The Guyana Forestry Commission (GFC) has reported to the International Tropical Timber Organization (ITTO) that “many of Guyana’s lesser used species of lumber continue to catch the attention of the overseas markets in Asia, the Caribbean, Europe and North America” (ITTO Tropical Timber Market Report 16-14, 16-31 July 2011, page 11, and Stabroek News ‘Forestry Commission moving to upgrade wood-processing capacity – report,’ August 5 2011). The GFC has not reported systematically since February 2008 what timbers are exported in what volumes to which countries each month, so how do we know that exports are of lesser used species rather than the increasingly rare commercially-prime species which have been under-managed and over-cut (purpleheart timber over-cut by about 30 times its capacity to regenerate naturally) under this GFC administration?
The GFC will need to become accustomed to disclosures of the kind which were the norm when the Guyana Timber Export Board was active. In those years, not only were volumes declared for each species but also the names of the exporters. Recall that the name of the real exporter of the 130 Guyanese timber logs found with 122 kg of cocaine in Jamaica in March this year is still not in the public domain, and the GFC has brought no case to court for the illegal harvesting and illegal export of those logs. Nor was that shipment listed in the recently published GFC/FPDMC export records for March 2011. The US Lacey Act amended in 2008 and the European Union Timber Regulation enacted in October 2010 both require truthful declarations of species and volumes, and geographical origins, for timber exported into those regions.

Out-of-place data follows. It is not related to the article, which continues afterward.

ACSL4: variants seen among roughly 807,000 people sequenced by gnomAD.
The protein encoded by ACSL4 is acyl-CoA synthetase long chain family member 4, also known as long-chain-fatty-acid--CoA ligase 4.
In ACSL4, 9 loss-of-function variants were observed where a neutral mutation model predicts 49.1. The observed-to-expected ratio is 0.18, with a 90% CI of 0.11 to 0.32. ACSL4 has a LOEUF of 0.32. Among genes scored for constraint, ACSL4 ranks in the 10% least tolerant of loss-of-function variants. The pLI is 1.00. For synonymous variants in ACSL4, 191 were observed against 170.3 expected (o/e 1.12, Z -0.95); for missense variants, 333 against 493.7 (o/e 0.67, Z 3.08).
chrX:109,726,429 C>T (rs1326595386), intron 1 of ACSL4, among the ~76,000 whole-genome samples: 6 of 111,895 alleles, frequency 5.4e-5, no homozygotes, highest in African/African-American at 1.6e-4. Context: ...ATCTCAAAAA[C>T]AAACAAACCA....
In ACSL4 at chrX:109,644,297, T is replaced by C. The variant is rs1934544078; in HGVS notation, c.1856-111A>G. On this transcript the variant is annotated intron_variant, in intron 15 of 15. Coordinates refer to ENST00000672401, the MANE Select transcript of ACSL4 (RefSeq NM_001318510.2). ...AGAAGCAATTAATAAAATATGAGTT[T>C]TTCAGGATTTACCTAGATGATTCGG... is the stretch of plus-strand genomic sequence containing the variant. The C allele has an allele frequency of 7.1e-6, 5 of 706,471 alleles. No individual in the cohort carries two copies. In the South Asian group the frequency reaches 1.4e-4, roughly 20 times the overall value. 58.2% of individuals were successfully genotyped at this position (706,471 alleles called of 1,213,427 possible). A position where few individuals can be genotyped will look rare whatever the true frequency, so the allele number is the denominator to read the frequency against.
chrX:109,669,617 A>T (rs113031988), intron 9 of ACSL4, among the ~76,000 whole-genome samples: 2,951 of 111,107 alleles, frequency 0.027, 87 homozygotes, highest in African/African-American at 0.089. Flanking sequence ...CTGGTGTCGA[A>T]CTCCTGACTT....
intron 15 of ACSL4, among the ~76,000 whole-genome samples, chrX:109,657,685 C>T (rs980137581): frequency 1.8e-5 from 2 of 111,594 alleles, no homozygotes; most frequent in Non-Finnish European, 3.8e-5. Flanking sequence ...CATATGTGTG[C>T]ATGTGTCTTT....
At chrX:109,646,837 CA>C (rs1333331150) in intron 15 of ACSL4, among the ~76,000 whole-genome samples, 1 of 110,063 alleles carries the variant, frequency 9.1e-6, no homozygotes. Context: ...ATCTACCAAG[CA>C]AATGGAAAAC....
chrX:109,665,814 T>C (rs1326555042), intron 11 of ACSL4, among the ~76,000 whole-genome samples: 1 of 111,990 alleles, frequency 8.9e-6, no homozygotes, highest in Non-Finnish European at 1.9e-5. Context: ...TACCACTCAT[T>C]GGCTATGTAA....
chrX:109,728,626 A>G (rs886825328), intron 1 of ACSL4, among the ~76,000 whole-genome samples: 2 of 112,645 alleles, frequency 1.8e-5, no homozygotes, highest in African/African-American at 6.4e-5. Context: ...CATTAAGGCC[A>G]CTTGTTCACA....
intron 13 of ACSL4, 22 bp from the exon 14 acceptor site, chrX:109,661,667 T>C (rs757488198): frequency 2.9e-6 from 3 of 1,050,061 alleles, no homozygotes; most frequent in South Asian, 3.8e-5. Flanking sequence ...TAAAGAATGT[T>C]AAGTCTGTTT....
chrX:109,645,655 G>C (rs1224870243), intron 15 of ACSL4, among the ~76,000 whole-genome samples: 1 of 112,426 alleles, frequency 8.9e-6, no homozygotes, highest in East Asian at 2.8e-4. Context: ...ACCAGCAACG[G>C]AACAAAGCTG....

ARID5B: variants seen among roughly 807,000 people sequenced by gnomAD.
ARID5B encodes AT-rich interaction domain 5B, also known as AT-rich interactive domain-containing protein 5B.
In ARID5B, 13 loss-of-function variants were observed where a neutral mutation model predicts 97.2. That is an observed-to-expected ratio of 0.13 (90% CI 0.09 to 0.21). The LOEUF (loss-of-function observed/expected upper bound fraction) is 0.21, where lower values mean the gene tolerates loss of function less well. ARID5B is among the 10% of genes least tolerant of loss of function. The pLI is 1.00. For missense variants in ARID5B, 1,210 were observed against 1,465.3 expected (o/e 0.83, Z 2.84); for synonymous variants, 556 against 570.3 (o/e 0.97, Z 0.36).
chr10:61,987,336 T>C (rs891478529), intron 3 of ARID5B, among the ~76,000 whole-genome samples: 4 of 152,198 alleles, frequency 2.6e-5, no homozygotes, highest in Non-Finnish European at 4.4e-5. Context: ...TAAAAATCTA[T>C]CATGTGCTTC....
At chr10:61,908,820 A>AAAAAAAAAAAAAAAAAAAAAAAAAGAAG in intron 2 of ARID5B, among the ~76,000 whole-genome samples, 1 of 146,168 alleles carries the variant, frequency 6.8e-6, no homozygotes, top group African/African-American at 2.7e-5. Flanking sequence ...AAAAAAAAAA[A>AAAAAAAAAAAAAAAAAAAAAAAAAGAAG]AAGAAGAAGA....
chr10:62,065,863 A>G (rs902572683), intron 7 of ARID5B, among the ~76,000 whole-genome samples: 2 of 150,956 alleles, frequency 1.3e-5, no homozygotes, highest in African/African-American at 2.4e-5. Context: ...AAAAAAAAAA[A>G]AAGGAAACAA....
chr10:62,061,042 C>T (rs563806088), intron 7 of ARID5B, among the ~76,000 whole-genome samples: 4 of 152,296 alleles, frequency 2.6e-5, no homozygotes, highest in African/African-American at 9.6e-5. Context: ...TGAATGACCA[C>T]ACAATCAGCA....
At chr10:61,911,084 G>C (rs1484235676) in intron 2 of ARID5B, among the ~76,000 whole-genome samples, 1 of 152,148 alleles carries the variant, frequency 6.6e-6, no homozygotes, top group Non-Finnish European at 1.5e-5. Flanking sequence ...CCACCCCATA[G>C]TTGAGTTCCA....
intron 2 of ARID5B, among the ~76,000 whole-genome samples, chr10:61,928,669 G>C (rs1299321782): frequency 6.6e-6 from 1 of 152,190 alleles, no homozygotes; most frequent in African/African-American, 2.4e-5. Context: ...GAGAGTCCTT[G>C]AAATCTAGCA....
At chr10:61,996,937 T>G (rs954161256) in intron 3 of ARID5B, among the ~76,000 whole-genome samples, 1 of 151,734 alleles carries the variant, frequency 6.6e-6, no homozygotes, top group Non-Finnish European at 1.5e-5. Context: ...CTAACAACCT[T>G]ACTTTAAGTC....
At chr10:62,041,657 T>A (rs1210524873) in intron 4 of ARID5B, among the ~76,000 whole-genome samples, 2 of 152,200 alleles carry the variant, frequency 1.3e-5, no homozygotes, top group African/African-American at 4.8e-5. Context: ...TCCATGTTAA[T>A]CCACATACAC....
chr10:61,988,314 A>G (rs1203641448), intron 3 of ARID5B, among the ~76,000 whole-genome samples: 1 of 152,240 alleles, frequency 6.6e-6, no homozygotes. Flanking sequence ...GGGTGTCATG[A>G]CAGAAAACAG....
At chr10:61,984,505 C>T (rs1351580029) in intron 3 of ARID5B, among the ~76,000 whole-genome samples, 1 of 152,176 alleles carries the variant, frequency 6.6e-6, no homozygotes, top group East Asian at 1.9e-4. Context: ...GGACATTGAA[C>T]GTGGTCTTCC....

So it would be good practice for the GFC and Forest Products Development and Marketing Council to join the global best practices in reporting. That would also show some real progress (or at least recovery to what was normal in the past) for the REDD-plus Governance Development Plan required under the Norway-Guyana MoU.